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Fi Europe 2021

Taking a sensomics approach to plant-based flavour [Interview]

Sirli Rosenvald, TFTAK banner.png
Consumers are becoming increasingly interested in alternative proteins such as pea, fava bean, and oat but, one of the biggest challenges that food developers face when working with pea or oat, is achieving a neutral flavour. Therefore, from a sensory and functional point of view, soy with its neutral taste, excellent functionality, and nutritional profile, is the reference ingredient for vegan products.

The Centre of Food and Fermentation Technologies (TFTAK) in Estonia is a contract research organisation that works with different plant proteins and is particularly focused on broadening the range of different protein sources to help valorise them and develop environmentally friendly production processes around the world.

TFTAK takes a sensomics approach to plant protein product development, analysing the flavour both instrumentally using different analytical techniques, and sensorially with trained sensory panels.

Dr Sirli Rosenvald, Team Leader of Meat Alternative Developments and Sensomics at TFTAK, said:

“With our equipment, we can analyse a wide range of molecules in the plant-based or any other material, but without doing sensory analysis, we don’t understand the importance of each molecule in terms of sensory or consumer perception. If we want to bring to the market products that consumers like, we have to understand both the key factors influencing their acceptability as well as on the molecular level.”

The main sensory challenges in the development of meat alternatives can be divided into three main categories, Dr. Rosenvald explained. The first is aroma, a sensation triggered when volatile molecules hit the receptors in the nose either by smelling or eating the product. The aroma of plant proteins is typically described as beany, grainy, green, or hay-like. The second category is taste. For plant proteins, bitterness and astringency tend to pose the biggest challenges. And the third is texture. For meat alternative developments, the texture of the products is one of the key parameters influencing liking, as consumers expect the texture of meat.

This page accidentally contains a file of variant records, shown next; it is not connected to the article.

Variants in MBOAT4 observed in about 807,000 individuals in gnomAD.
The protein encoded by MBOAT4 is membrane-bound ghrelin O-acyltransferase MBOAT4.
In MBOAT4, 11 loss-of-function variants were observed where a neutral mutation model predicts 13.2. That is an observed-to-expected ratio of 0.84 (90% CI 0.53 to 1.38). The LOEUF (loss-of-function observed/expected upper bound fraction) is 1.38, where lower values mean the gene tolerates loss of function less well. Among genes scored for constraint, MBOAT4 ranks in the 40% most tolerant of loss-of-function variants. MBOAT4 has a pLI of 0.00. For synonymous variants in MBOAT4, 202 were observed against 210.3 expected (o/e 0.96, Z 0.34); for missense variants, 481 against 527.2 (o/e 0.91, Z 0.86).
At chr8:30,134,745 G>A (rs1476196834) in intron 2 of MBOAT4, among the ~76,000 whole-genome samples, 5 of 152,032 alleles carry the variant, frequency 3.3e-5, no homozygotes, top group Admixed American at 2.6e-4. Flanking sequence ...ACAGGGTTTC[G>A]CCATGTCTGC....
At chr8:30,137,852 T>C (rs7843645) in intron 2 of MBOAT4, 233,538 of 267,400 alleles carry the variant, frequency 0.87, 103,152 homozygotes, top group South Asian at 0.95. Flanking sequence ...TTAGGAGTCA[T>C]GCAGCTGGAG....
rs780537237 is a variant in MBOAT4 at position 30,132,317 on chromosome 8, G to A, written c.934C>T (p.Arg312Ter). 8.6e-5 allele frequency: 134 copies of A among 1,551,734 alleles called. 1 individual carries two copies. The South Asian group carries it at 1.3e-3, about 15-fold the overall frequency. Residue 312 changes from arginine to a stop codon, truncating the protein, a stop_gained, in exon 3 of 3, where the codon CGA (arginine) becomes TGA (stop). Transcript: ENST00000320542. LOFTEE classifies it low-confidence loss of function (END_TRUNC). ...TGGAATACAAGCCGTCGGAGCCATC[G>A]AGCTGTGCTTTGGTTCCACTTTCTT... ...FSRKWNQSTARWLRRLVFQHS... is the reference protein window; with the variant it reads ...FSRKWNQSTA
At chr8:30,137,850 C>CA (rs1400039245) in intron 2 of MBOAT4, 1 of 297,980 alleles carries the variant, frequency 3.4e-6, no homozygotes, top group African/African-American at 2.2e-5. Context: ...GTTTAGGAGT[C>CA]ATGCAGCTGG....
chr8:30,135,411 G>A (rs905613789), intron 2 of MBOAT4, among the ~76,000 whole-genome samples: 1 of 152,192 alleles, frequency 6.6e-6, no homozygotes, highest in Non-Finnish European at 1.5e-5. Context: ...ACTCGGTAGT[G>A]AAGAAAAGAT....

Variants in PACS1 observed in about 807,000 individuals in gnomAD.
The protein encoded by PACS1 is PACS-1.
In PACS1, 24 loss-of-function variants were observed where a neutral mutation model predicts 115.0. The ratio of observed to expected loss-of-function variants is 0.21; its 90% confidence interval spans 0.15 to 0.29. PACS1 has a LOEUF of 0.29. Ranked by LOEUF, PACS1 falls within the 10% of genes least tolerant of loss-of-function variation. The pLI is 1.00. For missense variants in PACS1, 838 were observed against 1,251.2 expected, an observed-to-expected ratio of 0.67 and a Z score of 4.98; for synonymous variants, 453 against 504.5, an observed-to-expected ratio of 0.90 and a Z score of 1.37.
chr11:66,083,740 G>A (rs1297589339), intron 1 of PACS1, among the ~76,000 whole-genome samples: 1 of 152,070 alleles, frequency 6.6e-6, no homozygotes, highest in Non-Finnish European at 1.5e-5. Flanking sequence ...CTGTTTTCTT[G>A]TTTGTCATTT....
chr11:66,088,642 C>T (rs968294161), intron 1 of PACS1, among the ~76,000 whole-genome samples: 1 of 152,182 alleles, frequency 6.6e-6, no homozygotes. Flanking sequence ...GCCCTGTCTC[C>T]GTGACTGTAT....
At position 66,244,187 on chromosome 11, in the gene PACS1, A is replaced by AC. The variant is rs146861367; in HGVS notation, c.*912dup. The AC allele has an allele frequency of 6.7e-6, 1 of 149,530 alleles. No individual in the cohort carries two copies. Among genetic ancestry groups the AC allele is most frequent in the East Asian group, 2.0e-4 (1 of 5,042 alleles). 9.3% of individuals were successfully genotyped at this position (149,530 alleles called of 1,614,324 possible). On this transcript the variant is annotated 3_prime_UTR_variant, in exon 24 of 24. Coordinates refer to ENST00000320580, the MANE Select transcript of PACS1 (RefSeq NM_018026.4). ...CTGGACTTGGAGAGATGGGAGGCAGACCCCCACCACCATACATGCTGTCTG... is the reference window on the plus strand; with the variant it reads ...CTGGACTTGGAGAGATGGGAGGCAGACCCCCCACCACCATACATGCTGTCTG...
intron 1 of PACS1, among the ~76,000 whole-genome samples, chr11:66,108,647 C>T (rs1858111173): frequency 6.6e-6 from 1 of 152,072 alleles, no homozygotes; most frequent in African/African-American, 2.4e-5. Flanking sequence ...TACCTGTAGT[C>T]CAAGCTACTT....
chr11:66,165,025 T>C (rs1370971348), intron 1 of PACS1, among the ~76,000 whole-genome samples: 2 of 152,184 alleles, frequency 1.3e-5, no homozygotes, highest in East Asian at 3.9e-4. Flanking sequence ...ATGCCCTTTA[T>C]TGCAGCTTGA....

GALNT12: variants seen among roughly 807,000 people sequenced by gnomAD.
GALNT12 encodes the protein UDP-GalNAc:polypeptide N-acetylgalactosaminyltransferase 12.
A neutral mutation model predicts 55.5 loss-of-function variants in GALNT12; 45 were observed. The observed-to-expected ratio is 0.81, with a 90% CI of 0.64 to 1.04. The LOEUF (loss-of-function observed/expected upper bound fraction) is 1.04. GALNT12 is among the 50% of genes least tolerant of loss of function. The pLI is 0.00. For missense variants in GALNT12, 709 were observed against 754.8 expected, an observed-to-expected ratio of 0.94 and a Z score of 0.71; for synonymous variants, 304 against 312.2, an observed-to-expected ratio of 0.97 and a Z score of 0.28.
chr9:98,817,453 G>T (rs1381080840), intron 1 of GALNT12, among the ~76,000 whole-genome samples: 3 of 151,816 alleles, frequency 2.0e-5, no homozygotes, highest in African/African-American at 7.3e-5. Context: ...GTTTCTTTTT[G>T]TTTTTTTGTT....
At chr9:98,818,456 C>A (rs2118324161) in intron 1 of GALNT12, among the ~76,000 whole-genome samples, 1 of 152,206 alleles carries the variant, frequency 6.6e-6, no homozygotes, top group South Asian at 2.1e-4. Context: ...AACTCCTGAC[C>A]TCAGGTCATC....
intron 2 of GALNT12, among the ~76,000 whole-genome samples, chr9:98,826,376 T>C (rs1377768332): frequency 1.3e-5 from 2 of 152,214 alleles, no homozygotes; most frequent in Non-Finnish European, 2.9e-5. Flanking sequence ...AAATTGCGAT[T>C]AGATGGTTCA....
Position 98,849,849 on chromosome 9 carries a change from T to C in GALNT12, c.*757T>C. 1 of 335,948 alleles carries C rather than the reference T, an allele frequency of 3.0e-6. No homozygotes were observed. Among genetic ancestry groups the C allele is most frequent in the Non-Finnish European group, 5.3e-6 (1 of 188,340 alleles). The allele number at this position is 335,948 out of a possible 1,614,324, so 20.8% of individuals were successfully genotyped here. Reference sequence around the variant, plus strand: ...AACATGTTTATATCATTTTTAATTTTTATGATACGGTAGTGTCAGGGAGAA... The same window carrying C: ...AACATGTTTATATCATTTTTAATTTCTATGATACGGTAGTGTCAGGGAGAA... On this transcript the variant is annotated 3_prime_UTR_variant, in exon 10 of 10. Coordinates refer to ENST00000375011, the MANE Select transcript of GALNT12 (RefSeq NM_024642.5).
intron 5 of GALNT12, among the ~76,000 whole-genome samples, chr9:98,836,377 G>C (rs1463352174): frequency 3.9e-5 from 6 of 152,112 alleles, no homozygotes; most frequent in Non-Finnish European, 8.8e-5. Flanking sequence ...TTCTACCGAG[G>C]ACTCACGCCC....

“If we get to know what the exact molecules behind the pea-like note in pea protein are, there is a possibility to know how to reduce it, get rid of it, or mask it. If we don’t know this, we are working in the dark,” she added.

Yeast: a multi-functional ingredient

Tallinn-headquartered TFTAK is currently investigating the use of inactive yeast products to improve the taste of meat and dairy analogues, as they can have different functions in the product.

Yeast can tackle the issue of bitterness by blocking the bitter receptors, or by boosting sweetness which, in turn, reduces the perceived bitterness.

“Yeast products contain molecules that can help to enhance some specific notes or decrease others, and there might be quite a lot of mechanisms for that,” she said. “For instance, if we’re talking about masking volatile aroma components such as the ones causing green or hay notes, one possible way yeast works is due to the binding mechanisms of volatiles, peptides, and proteins. As a result, the vaporisation of those aroma molecules is decreased in the mouth, they don’t reach the receptors, and we don’t perceive as strong a beany-note, for instance.”

“Besides masking, yeast products are also added because they contain different components that give umami meaty notes to our alternative products,” she said. “From an aroma perspective, during the cooking process we want to receive meat-like aroma components like beefy, meaty, or roasted. These molecules are actually a result of the Maillard reaction, so yeast products are a source for amino acids and peptides that are the precursor components for the Maillard reaction and flavour generation during cooking.”

Fish made from pea and oat

The Centre of Food and Fermentation Technologies was recently selected as a semi-finalist in the prestigious XPrize ‘Feed the Next Billion’ competition, thanks to its successful pitch on how to develop a plant-based fish analogue, specifically, a cod fillet.

“The aim of this competition is to produce a fillet, meaning big chunk or piece, and if we look at the current market for both meat and fish analogues, there are a lot of minced meat-type products but not many fillets, because the production of that is much more complicated.”

The contract research organization is looking at using pea and oat proteins to make the cod-alternative and will present its product in the XPrize semi-final testing in Q3 2022.

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